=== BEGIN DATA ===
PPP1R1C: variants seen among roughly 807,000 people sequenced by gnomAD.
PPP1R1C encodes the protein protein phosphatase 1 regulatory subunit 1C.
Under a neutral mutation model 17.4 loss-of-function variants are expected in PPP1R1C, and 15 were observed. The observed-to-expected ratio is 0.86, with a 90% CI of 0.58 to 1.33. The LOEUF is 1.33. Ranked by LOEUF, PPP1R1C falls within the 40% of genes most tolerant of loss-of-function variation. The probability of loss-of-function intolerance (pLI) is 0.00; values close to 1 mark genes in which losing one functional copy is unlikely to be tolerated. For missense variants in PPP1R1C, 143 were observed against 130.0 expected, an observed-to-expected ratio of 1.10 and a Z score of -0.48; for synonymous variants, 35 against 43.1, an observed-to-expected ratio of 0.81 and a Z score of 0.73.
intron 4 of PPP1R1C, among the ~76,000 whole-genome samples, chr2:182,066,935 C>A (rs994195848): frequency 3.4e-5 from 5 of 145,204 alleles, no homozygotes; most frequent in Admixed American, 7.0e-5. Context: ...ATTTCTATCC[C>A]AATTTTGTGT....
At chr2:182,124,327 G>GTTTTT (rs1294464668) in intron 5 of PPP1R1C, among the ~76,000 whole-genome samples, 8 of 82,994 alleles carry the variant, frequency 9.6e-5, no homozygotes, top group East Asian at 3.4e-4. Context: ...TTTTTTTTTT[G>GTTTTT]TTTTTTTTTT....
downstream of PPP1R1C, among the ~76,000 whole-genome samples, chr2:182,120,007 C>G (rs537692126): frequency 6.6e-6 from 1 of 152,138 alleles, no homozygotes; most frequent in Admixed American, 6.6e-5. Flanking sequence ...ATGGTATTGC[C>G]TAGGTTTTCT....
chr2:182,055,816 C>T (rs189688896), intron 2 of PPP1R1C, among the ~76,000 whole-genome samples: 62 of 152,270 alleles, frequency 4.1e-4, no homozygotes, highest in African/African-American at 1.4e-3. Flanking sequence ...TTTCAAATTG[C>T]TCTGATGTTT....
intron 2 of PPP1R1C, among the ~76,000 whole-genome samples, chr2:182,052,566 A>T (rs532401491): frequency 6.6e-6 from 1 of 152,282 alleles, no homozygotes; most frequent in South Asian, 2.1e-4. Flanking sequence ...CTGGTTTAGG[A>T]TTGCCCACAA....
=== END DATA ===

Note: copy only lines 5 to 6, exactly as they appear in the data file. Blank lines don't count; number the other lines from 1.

At chr2:182,124,327 G>GTTTTT (rs1294464668) in intron 5 of PPP1R1C, among the ~76,000 whole-genome samples, 8 of 82,994 alleles carry the variant, frequency 9.6e-5, no homozygotes, top group East Asian at 3.4e-4. Context: ...TTTTTTTTTT[G>GTTTTT]TTTTTTTTTT....
downstream of PPP1R1C, among the ~76,000 whole-genome samples, chr2:182,120,007 C>G (rs537692126): frequency 6.6e-6 from 1 of 152,138 alleles, no homozygotes; most frequent in Admixed American, 6.6e-5. Flanking sequence ...ATGGTATTGC[C>G]TAGGTTTTCT....